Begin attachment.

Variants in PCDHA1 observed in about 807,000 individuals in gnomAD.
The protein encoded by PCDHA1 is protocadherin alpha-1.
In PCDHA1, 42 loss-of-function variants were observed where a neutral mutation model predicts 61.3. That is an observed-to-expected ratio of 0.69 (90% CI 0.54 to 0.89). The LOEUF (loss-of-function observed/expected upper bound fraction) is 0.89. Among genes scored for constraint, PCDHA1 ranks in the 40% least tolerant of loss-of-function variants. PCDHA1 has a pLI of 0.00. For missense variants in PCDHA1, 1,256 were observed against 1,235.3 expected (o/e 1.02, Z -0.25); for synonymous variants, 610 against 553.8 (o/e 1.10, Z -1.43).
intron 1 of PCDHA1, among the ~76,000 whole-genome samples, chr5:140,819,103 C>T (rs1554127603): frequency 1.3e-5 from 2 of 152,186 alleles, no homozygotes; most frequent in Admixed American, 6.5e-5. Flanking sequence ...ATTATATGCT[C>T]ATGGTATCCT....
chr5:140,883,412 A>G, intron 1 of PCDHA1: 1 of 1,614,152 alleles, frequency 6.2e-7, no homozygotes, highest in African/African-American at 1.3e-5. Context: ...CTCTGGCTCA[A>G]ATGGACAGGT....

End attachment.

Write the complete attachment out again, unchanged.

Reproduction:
Variants in PCDHA1 observed in about 807,000 individuals in gnomAD.
The protein encoded by PCDHA1 is protocadherin alpha-1.
In PCDHA1, 42 loss-of-function variants were observed where a neutral mutation model predicts 61.3. That is an observed-to-expected ratio of 0.69 (90% CI 0.54 to 0.89). The LOEUF (loss-of-function observed/expected upper bound fraction) is 0.89. Among genes scored for constraint, PCDHA1 ranks in the 40% least tolerant of loss-of-function variants. PCDHA1 has a pLI of 0.00. For missense variants in PCDHA1, 1,256 were observed against 1,235.3 expected (o/e 1.02, Z -0.25); for synonymous variants, 610 against 553.8 (o/e 1.10, Z -1.43).
intron 1 of PCDHA1, among the ~76,000 whole-genome samples, chr5:140,819,103 C>T (rs1554127603): frequency 1.3e-5 from 2 of 152,186 alleles, no homozygotes; most frequent in Admixed American, 6.5e-5. Flanking sequence ...ATTATATGCT[C>T]ATGGTATCCT....
chr5:140,883,412 A>G, intron 1 of PCDHA1: 1 of 1,614,152 alleles, frequency 6.2e-7, no homozygotes, highest in African/African-American at 1.3e-5. Context: ...CTCTGGCTCA[A>G]ATGGACAGGT....